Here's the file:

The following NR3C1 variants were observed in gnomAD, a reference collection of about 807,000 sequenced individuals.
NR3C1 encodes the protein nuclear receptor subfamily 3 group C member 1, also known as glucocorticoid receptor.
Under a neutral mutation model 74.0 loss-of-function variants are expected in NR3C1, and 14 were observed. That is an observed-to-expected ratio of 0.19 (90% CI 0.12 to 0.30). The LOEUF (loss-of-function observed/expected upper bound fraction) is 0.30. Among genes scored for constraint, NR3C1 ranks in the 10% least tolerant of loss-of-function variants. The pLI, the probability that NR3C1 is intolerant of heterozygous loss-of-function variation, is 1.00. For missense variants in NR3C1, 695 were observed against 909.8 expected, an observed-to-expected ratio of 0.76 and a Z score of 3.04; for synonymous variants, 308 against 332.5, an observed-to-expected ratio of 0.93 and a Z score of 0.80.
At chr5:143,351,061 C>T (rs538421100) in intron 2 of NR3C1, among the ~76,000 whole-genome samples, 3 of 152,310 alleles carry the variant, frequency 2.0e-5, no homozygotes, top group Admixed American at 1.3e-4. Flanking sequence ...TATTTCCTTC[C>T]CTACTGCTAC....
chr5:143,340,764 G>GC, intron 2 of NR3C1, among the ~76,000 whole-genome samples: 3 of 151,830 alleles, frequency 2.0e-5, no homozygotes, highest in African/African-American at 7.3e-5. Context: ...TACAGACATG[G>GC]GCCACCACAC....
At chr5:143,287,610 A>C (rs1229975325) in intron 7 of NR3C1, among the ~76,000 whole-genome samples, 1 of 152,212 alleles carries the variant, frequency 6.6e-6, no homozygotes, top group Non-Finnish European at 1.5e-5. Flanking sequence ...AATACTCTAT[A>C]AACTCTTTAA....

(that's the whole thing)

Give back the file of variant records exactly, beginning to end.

The following NR3C1 variants were observed in gnomAD, a reference collection of about 807,000 sequenced individuals.
NR3C1 encodes the protein nuclear receptor subfamily 3 group C member 1, also known as glucocorticoid receptor.
Under a neutral mutation model 74.0 loss-of-function variants are expected in NR3C1, and 14 were observed. That is an observed-to-expected ratio of 0.19 (90% CI 0.12 to 0.30). The LOEUF (loss-of-function observed/expected upper bound fraction) is 0.30. Among genes scored for constraint, NR3C1 ranks in the 10% least tolerant of loss-of-function variants. The pLI, the probability that NR3C1 is intolerant of heterozygous loss-of-function variation, is 1.00. For missense variants in NR3C1, 695 were observed against 909.8 expected, an observed-to-expected ratio of 0.76 and a Z score of 3.04; for synonymous variants, 308 against 332.5, an observed-to-expected ratio of 0.93 and a Z score of 0.80.
At chr5:143,351,061 C>T (rs538421100) in intron 2 of NR3C1, among the ~76,000 whole-genome samples, 3 of 152,310 alleles carry the variant, frequency 2.0e-5, no homozygotes, top group Admixed American at 1.3e-4. Flanking sequence ...TATTTCCTTC[C>T]CTACTGCTAC....
chr5:143,340,764 G>GC, intron 2 of NR3C1, among the ~76,000 whole-genome samples: 3 of 151,830 alleles, frequency 2.0e-5, no homozygotes, highest in African/African-American at 7.3e-5. Context: ...TACAGACATG[G>GC]GCCACCACAC....
At chr5:143,287,610 A>C (rs1229975325) in intron 7 of NR3C1, among the ~76,000 whole-genome samples, 1 of 152,212 alleles carries the variant, frequency 6.6e-6, no homozygotes, top group Non-Finnish European at 1.5e-5. Flanking sequence ...AATACTCTAT[A>C]AACTCTTTAA....